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The world could always use more heroes, and there’s never been a better time to stand up than now. Overwatch fans from around the globe are raising their voices and calling on Blizzard Entertainment to launch a new charity campaign in support of those affected by the fires ravaging across Australia.
One fan posted to Reddit today and suggested two charity skins for Australia’s Overwatch representatives, Roadhog and Junkrat, in the form of new firefighter looks for the heroes. The post sparked an influx of support from others in the Overwatch community, with fans theorizing on what the skins could look like and vowing to contribute to the cause.
Roadhog’s mask could be replaced with one firefighters use to guard against smoke and his hook could be a water hose, as one fan suggested. Junkrat could have water balloons for ammo and he could don the traditional firefighter protective hat—similar to Mei in her own firefighter skin.
Blizzard has held multiple charity campaigns across its numerous titles in the past, including Overwatch. Last year, Blizzard launched its Pink Mercy campaign, during which the developer sold a $15 skin for the support hero and donated all proceeds to the Breast Cancer Research Foundation. In July, the developer announced it had raised over $12.7 million for the charity.
The Australian wildfires began in September and, according to Australian prime minister Scott Morrison, could ravage the country for several more months. A total of 24 people, including volunteer firefighters, have died since the fires began and thousands of houses have been destroyed in New South Wales, Australia’s most populated state. Almost 15 million acres have burned across the country, with over half of those acres belonging to NSW. The NSW Rural Fire Service logged 139 fires burning across the state as of early this morning—but of those fires, only half are contained.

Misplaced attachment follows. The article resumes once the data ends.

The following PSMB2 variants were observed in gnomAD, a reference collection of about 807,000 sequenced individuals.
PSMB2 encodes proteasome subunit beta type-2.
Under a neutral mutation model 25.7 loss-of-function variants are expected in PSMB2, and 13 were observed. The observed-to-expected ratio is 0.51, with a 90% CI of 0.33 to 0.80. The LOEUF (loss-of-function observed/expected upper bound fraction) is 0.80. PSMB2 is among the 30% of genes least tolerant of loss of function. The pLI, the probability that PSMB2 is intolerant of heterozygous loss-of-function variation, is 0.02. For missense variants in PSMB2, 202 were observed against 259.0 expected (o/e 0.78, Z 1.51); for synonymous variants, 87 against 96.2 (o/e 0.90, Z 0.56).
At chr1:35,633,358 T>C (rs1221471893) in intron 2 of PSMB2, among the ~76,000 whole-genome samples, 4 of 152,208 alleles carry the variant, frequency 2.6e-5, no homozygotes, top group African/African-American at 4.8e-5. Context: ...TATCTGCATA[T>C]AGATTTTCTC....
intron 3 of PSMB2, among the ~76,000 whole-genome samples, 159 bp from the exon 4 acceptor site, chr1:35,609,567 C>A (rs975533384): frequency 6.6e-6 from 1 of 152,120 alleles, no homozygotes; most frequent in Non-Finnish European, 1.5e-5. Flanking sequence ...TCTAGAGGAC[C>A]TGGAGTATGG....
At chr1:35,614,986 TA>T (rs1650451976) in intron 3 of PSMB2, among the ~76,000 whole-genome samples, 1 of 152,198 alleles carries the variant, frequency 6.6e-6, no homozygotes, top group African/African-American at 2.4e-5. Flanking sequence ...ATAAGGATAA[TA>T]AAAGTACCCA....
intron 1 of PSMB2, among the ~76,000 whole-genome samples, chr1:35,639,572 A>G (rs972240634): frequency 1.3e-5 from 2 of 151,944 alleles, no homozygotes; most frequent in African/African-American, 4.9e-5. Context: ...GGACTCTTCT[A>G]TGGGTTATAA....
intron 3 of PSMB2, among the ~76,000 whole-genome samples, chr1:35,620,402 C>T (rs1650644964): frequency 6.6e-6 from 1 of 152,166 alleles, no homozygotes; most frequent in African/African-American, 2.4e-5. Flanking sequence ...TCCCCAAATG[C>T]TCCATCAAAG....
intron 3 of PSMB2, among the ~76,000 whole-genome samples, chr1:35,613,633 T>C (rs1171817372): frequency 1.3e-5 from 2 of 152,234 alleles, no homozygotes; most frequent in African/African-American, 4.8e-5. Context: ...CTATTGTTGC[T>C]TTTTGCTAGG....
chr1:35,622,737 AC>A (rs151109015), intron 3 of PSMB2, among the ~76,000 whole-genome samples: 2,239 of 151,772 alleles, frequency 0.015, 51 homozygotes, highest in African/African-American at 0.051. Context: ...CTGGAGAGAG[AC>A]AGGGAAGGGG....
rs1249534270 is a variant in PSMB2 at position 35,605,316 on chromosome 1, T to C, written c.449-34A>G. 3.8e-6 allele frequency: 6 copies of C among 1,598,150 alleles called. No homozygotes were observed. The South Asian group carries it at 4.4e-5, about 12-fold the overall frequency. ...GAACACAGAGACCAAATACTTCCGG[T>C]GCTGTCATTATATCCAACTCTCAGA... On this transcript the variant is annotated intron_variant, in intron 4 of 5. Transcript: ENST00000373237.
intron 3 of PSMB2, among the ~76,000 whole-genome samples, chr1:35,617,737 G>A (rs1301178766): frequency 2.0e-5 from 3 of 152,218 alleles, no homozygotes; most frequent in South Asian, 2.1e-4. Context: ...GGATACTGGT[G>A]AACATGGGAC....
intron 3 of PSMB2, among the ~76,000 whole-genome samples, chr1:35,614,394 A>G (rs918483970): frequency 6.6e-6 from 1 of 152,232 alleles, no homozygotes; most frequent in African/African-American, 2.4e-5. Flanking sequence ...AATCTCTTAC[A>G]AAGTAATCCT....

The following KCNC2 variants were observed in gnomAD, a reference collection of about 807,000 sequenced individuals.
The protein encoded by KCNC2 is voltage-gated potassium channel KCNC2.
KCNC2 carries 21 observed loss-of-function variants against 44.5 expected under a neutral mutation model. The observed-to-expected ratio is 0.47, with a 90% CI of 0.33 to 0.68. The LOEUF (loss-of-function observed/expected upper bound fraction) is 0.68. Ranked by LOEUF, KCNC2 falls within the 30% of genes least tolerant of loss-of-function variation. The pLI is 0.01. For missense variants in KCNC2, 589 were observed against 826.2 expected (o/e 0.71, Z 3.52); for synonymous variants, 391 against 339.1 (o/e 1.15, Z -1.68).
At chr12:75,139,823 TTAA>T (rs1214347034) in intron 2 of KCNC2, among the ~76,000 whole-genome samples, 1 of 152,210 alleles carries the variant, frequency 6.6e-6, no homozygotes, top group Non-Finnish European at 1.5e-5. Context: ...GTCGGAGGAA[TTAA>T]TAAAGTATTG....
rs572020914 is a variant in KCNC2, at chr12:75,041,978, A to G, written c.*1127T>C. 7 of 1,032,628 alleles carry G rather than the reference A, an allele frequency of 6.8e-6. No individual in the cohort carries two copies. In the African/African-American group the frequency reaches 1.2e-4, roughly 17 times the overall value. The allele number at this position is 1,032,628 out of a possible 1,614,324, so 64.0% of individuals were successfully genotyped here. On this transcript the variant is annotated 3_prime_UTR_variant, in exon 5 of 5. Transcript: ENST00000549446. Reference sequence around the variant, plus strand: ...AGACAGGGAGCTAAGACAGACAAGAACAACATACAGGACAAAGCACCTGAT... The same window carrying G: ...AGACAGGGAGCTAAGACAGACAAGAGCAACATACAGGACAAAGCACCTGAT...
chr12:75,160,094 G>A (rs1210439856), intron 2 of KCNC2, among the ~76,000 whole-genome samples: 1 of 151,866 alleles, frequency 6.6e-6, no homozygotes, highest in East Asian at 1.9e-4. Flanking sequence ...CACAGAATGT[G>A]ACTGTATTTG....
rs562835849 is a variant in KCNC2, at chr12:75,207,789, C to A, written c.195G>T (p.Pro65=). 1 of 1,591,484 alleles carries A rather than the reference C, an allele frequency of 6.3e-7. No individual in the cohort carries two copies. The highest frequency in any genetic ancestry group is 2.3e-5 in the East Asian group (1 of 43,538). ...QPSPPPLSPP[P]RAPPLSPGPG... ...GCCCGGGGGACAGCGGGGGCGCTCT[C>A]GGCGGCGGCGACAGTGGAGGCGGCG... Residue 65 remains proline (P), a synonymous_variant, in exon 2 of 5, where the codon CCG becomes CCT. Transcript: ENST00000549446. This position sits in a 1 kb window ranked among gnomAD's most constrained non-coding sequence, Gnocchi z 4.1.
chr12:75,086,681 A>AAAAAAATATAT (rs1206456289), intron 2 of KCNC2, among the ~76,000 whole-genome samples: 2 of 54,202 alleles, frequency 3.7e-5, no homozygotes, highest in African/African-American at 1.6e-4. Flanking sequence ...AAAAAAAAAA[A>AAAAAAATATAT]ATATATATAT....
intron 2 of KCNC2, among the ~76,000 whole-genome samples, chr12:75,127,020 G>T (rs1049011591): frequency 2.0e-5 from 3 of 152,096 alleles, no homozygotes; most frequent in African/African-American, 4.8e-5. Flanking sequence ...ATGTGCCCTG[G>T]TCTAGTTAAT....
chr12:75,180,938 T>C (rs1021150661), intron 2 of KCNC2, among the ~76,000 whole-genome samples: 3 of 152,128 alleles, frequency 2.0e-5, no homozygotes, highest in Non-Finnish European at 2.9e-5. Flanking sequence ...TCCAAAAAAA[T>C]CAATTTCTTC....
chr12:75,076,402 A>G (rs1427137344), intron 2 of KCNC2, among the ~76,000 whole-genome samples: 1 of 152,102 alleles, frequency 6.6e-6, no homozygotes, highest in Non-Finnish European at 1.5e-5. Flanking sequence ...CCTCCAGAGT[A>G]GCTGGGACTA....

Humans aren’t the only ones taking the brunt of the damage. Nearly half a billion animals have reportedly been killed by the fires, whether directly or as a result of the destruction of their food and homes, according to professor and Australian biodiversity expert Chris Dickman with the University of Sydney.
A number of nonprofit organizations have ways for people to contribute to the cause, including the World Wide Fund for Nature Australia and the Australian Red Cross, which is actively helping thousands of people evacuate and in recovery centers.